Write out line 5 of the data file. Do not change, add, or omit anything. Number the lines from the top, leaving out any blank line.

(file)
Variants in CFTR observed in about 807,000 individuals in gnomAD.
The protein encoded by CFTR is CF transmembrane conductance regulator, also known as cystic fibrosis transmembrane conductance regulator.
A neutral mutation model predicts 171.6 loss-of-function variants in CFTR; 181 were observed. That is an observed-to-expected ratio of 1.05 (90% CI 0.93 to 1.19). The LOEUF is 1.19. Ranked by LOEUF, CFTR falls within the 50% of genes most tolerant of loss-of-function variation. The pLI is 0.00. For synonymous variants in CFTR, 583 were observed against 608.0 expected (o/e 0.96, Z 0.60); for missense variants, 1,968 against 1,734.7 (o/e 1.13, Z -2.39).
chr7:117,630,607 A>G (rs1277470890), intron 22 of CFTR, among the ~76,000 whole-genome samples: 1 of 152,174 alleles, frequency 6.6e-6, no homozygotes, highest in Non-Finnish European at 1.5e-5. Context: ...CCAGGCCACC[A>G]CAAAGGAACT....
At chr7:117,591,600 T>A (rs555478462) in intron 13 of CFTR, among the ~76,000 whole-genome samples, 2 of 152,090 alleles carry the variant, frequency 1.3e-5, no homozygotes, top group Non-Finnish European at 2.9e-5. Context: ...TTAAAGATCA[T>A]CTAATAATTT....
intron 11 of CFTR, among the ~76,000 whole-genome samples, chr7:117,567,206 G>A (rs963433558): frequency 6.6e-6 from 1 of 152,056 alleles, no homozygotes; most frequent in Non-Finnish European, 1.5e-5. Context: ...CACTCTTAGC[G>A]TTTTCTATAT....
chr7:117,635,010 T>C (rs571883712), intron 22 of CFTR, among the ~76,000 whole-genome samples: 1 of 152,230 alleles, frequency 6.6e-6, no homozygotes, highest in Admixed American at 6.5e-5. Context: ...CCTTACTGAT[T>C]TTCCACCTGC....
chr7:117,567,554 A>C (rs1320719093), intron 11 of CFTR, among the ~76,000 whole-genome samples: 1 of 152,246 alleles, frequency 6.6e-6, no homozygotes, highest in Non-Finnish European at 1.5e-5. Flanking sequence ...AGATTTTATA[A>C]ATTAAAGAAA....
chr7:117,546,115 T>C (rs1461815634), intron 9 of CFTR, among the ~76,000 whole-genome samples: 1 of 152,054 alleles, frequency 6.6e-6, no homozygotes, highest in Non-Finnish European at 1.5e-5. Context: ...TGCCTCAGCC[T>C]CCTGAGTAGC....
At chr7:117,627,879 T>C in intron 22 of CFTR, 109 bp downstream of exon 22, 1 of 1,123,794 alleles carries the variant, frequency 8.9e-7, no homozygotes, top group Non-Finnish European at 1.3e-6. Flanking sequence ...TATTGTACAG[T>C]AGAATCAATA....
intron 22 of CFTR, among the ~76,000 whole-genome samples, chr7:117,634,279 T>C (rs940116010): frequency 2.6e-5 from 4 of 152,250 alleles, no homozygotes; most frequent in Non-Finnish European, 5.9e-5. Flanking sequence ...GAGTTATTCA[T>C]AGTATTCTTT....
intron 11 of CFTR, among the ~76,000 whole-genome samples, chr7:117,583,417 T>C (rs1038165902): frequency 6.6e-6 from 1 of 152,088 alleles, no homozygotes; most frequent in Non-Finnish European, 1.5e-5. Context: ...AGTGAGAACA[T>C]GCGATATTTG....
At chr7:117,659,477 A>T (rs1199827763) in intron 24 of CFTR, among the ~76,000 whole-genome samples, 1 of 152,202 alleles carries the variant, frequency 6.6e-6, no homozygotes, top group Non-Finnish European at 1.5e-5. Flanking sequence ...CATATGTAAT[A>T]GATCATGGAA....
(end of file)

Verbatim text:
At chr7:117,591,600 T>A (rs555478462) in intron 13 of CFTR, among the ~76,000 whole-genome samples, 2 of 152,090 alleles carry the variant, frequency 1.3e-5, no homozygotes, top group Non-Finnish European at 2.9e-5. Context: ...TTAAAGATCA[T>A]CTAATAATTT....